But nearly 4 out of 5 admissions officers said faculty at their institutions place a high priority on calculus as a sign of rigor on high school transcripts. And 79% agreed with the statement, “Students who have taken calculus are more likely to succeed in college.”
“You will find that students who take calculus are also more likely to take other rigorous classes and have good grades in other subjects than students who do not,” one admissions officer told surveyors. Just Equations did not identify any of the officers interviewed by name. “At many high schools, the top students by overall GPA or rank are the ones taking calculus.”
Baker sees calculus not as a sign of rigor, but of privilege. Federal data shows wealthier students are four times more likely to take calculus than low-income students.
“Calculus, for all intents and purposes, is a status symbol,” Baker said. “Taking calculus or abstract math … doesn’t make you any more intelligent than someone who was taking AP English or AP World History.”
Baker said calculus needs to be made more accessible. But also, she said, selective colleges need to take it off a pedestal and consider other math courses like data science and statistics in its place. For students going into the social sciences, and even some science-related fields, these courses may offer more relevant preparation for their careers.
“If we continue to just singularly focus on calculus as the standard or the proxy for rigor, or a high quality student, it doesn’t just hurt us equity-wise,” Baker said. “It … hurts our ability to compete globally.”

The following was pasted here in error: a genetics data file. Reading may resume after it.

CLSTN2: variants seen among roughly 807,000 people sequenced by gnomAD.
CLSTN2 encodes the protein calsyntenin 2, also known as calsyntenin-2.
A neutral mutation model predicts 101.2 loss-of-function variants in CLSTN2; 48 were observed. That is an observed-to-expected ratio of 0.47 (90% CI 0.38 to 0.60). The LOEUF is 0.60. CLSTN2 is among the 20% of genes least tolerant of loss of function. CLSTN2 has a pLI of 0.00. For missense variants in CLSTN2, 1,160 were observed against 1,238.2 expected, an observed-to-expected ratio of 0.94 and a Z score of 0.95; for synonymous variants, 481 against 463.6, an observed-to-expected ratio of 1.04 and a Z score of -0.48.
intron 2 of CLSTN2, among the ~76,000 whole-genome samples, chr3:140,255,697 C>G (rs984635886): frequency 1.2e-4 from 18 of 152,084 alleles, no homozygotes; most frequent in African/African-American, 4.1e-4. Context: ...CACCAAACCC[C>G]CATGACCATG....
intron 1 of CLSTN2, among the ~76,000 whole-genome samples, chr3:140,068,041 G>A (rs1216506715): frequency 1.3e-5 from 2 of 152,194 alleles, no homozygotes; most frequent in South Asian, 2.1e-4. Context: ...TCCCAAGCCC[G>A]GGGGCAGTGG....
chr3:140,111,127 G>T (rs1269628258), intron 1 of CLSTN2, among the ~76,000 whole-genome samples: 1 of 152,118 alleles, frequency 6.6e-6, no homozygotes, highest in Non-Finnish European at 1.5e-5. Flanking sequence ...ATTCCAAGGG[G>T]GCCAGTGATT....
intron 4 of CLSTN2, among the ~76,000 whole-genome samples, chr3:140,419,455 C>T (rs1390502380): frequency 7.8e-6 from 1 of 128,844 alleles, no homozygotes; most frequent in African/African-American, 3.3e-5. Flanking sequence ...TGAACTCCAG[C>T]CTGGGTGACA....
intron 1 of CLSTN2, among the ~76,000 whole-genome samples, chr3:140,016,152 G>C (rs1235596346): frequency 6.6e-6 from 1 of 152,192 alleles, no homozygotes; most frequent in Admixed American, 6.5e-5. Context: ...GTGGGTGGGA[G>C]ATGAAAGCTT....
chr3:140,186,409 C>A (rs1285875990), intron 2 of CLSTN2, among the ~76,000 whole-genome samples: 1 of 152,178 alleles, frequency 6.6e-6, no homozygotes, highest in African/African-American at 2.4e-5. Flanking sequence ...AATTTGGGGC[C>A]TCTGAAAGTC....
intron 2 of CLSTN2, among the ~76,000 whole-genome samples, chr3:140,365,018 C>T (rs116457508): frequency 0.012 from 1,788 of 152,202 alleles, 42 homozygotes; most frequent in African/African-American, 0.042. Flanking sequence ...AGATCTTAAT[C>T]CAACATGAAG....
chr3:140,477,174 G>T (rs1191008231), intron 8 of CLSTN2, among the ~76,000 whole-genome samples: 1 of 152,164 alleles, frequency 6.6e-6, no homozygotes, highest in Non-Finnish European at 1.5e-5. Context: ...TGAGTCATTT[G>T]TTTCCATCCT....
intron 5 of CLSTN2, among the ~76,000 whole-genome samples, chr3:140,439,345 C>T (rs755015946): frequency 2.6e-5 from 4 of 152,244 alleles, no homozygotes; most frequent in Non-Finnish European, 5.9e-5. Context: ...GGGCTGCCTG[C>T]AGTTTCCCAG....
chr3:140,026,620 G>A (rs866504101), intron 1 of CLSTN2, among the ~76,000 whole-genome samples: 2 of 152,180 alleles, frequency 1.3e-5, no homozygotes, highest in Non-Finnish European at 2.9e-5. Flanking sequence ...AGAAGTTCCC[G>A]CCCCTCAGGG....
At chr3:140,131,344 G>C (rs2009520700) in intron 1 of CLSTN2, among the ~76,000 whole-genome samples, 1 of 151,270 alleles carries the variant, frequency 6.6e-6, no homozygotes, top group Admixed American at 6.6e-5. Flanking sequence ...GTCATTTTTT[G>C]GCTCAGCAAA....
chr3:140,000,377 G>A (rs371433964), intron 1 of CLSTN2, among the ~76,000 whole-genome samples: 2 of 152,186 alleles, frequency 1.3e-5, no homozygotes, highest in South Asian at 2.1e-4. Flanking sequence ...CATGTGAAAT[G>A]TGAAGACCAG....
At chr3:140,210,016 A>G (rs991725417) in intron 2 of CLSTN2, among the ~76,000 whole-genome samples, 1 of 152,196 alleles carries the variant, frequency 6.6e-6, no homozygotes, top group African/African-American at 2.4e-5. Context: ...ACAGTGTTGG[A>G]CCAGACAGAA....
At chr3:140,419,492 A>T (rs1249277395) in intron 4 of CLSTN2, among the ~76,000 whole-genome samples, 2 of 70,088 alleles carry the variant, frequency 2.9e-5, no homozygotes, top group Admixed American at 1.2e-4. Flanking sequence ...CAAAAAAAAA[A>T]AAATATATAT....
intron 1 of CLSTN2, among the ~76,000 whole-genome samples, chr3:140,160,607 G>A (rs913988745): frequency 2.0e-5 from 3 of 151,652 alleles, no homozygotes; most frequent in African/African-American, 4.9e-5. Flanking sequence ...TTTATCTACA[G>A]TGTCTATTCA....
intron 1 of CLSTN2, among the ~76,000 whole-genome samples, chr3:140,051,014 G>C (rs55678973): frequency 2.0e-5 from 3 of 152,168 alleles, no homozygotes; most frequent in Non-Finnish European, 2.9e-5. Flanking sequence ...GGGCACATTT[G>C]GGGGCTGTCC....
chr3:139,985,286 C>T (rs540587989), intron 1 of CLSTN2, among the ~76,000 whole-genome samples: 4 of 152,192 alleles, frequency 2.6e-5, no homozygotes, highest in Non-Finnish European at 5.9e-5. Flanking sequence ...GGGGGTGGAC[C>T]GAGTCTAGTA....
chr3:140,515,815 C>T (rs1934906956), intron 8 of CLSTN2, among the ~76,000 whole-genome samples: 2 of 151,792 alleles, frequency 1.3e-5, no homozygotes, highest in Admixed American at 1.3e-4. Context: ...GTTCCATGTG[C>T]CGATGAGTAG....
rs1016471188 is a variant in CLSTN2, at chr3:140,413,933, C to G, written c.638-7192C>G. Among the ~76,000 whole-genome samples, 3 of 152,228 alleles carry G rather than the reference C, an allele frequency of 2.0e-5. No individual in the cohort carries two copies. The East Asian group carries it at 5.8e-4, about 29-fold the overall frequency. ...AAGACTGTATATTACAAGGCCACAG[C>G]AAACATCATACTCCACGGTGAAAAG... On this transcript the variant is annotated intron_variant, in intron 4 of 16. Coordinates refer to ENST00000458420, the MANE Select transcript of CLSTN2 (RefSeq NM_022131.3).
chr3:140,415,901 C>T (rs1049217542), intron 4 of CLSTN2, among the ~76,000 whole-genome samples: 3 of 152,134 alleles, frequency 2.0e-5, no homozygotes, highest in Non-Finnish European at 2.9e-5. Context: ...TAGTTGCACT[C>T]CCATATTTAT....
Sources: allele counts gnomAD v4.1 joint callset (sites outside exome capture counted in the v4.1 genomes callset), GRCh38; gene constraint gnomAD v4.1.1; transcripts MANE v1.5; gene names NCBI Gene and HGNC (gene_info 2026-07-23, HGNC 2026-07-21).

Alternatives to calculus
Arias, the Evanston math teacher, is taking on this issue at his school. He eventually took calculus in college but now teaches a less traditional math course to seniors.
It’s a design thinking class that students can take after following the traditional math trajectory through geometry, algebra and maybe precalculus. Students work in groups to solve real-world problems. And they use the analytical skills they learned in previous math classes to do so.
Arias said some of his students who were successful in traditional math classes struggle in this more unorthodox class.
“They’re like, ‘Okay, well, tell me how to do it. And then I want to see you doing it, and then I can do it again,’ ” he said. “But it’s like, ‘No, this is a challenge. This is a problem that we have. You have to come up with a solution, and you have to design a solution for this issue.’ ”
On a mid-January day, students were solidifying plans to improve relationships between kids and safety officers at their school.
“By the end of today, you should have a prototype of this solution,” Arias told his students.
Senior Arrie Searcy was planning a basketball game for students and safety officers, and was trying to figure out a way to foster conversation between the two groups. Together with Arias she brainstormed a competition that alternates shootouts with discussion points.
Some observers may not recognize this coursework as math. And the people reading applications to selective colleges may not put it on the same level as calculus.
Arias, the teacher, thinks that’s unfair.
“It just looks different,” he said. “You’re still solving that problem. It’s just not using, perhaps, those formulas and numbers. It’s just using your critical thinking, your problem-solving skills, your collaboration to come up with ideas to solve this problem.”
To Arias, there is no better preparation for college and the real world. He hopes, one day, more admissions officers might agree with him.